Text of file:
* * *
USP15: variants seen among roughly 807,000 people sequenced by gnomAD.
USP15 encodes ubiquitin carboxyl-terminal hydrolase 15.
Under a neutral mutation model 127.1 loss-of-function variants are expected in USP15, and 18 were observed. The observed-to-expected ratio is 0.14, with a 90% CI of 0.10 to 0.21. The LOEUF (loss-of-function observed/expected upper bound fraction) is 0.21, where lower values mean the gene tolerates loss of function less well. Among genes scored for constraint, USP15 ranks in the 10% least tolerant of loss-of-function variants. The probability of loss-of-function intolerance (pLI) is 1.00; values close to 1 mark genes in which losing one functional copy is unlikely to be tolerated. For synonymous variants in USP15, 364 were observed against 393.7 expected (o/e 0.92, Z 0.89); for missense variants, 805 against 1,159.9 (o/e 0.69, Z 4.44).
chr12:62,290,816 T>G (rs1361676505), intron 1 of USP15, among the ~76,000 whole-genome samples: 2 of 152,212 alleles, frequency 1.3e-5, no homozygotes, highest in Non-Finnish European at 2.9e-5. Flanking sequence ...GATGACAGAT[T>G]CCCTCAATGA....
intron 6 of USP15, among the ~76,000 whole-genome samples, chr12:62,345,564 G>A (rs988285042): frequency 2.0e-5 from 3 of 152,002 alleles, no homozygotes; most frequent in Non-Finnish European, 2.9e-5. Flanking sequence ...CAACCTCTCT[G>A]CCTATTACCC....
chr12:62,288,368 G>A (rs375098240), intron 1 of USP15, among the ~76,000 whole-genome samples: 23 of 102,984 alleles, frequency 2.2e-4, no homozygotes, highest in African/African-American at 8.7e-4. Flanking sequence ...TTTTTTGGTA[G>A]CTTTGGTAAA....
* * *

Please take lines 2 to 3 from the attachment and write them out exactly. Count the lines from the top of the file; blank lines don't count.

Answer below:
USP15 encodes ubiquitin carboxyl-terminal hydrolase 15.
Under a neutral mutation model 127.1 loss-of-function variants are expected in USP15, and 18 were observed. The observed-to-expected ratio is 0.14, with a 90% CI of 0.10 to 0.21. The LOEUF (loss-of-function observed/expected upper bound fraction) is 0.21, where lower values mean the gene tolerates loss of function less well. Among genes scored for constraint, USP15 ranks in the 10% least tolerant of loss-of-function variants. The probability of loss-of-function intolerance (pLI) is 1.00; values close to 1 mark genes in which losing one functional copy is unlikely to be tolerated. For synonymous variants in USP15, 364 were observed against 393.7 expected (o/e 0.92, Z 0.89); for missense variants, 805 against 1,159.9 (o/e 0.69, Z 4.44).